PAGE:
The Mockingbird Next Door by Marja Mills, review by Shirley Wells

Fans of To Kill a Mockingbird are usually curious about its
famously-private author Harper Lee whose one-and-only novel won the 1961
Pulitzer Prize for Literature and was made into an Academy Award-winning
movie in 1962. That curiosity alone would prompt many of us to read Marja
Mills's new book about her, The Mockingbird Next Door. But the
controversy now surrounding the biography has catapulted it onto bestseller
lists across the country. Lee has denounced the book as “unauthorized” in
spite of the protestations of her sister Alice and longtime friend and
confidant the Reverend Thomas Butts. Sadly, Miss Lee's denunciation may
actually tell us more about her current mental and physical state than it
does about her participation in the writing of this biography.

Nelle Harper Lee, now 88 years old, resides in an assisted living facility
in Monroeville, Alabama. A stroke in 2007, along with near blindness and
deafness, has made the fiesty, independent author dependent upon attorneys
to manage her business affairs, a task her older sister Alice (a practicing
lawyer until she was 100 years old) had previously handled. Although in the
past the Lee sisters and their close friends had been extremely cautious,
refusing to speak to most reporters, Harper Lee's current legal counsel
seem to be guarding her privacy a bit too stringently and perhaps without
her full cooperation. As Alice laments in a 2011 letter to Mills, “Poor
Nelle Harper can’t see and can’t hear and will sign anything put before her
by any one in whom she has confidence.”

In spite of their previous reticence, Mills found the Lee sisters and their
friends welcoming as well as forthcoming as she gathered material for a
2002 article for the Chicago Tribune, "which was later expanded into a book*. With their assistance, Mills even rented the house next door to the Lee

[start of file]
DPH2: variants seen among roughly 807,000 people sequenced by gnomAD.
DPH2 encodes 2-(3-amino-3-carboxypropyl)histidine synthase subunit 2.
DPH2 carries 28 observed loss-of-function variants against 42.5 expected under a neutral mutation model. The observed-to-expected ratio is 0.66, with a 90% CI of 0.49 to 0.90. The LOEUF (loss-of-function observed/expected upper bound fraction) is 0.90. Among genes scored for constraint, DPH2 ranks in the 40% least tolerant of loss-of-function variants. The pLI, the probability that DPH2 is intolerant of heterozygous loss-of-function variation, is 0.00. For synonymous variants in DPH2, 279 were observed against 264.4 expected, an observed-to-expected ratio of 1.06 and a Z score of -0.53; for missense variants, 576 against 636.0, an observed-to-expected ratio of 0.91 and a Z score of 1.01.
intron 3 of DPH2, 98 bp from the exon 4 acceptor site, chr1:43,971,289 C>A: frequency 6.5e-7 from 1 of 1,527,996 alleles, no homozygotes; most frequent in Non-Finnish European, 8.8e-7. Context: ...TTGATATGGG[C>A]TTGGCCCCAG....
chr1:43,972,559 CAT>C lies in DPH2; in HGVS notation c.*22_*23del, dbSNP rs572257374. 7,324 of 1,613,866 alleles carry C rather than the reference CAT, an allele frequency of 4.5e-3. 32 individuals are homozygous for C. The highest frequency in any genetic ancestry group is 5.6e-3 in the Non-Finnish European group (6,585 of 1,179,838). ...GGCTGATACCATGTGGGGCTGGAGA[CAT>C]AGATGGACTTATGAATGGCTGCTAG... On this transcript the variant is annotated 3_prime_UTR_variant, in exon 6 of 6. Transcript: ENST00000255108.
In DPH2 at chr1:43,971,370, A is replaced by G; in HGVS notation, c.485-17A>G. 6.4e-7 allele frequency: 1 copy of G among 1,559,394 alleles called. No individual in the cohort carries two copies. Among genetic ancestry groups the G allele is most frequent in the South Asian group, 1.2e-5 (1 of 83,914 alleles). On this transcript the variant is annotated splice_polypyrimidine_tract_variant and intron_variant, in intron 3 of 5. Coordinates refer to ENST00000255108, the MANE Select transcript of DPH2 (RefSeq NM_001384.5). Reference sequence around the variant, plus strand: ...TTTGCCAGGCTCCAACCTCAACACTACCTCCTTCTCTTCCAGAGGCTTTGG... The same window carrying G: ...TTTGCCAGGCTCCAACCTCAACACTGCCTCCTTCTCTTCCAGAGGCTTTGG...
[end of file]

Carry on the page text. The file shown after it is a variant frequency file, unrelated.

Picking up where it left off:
sisters, and their friendship continued to expand and deepen. She openly
took abundant notes and used a tape recorder, the presence of both
contradicting Harper Lee's later assertions that she had not cooperated.
Mills does, however, seem to be aware that the mercurial author's
permission might be rescinded at any time, as she explains in the book
that “Friends of the Lees predicted that Alice would be steadfast in her view of my
undertaking and Nelle would run hot and cool on her enthusiasm for it.”

In spite of this controversy, Mills has written an intimate portrait to be
savored by Harper Lee's fans, detailing the small-town life and the simple
pleasures so famously portrayed in To Kill a Mockingbird. The Lees live
quietly in a small, unairconditioned house, taking frequent drives in the
country to feed the ducks or fish for catfish with bits of hotdog for bait
and to eat at the local restaurants. Both sisters are hard of hearing and
communicate with friends and family by fax instead of the telephone or
email. They barely watch television (they've only had one since 1997),
Alabama football games being one exception. Instead, they read a lot and
take pleasure in words, recounting stories with that inimitable Southern
storyteller's ability to make ordinary happenings amusing and entertaining.
This humble lifestyle may seem a bit eccentric when one considers the
millions of dollars Mockingbird has generated over the years, but since
there's no harm in it and it's their choice, what business is it of ours to

As Mockingbird readers will remember, Atticus explains to his children
that it's a sin to shoot a mockingbird since all the bird does is “make
music for us to enjoy.” In the novel, that mockingbird becomes an
unforgettable symbol of the innocent man, wrongly accused, as well as of
the reclusive Boo Radley with his “shy ways.” Now in her own life, that
mockingbird also seems to represent the ailing, elderly, and arguably
confused Nelle Harper Lee.

The Mockingbird Next Door: Life with Harper Lee Cover Image
ISBN: 9781594205194
Availability: This book may require a special order. Please call us for price & availability: (316) 682-1181.
Published: Penguin Press - July 15th, 2014